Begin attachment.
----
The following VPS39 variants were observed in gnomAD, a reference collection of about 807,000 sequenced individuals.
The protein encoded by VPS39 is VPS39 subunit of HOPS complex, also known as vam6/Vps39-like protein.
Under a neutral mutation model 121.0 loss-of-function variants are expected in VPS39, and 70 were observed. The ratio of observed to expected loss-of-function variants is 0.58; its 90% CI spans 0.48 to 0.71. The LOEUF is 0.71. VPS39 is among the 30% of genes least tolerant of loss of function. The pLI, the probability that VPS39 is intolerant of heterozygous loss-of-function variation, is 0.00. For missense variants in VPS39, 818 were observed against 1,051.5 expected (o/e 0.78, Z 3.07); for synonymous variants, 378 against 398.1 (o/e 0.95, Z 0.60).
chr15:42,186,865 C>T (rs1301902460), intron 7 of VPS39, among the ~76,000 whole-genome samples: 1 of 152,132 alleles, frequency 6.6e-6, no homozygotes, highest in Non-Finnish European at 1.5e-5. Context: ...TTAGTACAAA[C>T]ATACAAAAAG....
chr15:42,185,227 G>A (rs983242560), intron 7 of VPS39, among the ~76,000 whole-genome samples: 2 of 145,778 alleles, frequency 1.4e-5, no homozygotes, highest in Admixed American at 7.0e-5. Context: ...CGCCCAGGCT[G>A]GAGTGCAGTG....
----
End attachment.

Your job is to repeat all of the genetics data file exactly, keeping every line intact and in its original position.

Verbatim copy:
The following VPS39 variants were observed in gnomAD, a reference collection of about 807,000 sequenced individuals.
The protein encoded by VPS39 is VPS39 subunit of HOPS complex, also known as vam6/Vps39-like protein.
Under a neutral mutation model 121.0 loss-of-function variants are expected in VPS39, and 70 were observed. The ratio of observed to expected loss-of-function variants is 0.58; its 90% CI spans 0.48 to 0.71. The LOEUF is 0.71. VPS39 is among the 30% of genes least tolerant of loss of function. The pLI, the probability that VPS39 is intolerant of heterozygous loss-of-function variation, is 0.00. For missense variants in VPS39, 818 were observed against 1,051.5 expected (o/e 0.78, Z 3.07); for synonymous variants, 378 against 398.1 (o/e 0.95, Z 0.60).
chr15:42,186,865 C>T (rs1301902460), intron 7 of VPS39, among the ~76,000 whole-genome samples: 1 of 152,132 alleles, frequency 6.6e-6, no homozygotes, highest in Non-Finnish European at 1.5e-5. Context: ...TTAGTACAAA[C>T]ATACAAAAAG....
chr15:42,185,227 G>A (rs983242560), intron 7 of VPS39, among the ~76,000 whole-genome samples: 2 of 145,778 alleles, frequency 1.4e-5, no homozygotes, highest in Admixed American at 7.0e-5. Context: ...CGCCCAGGCT[G>A]GAGTGCAGTG....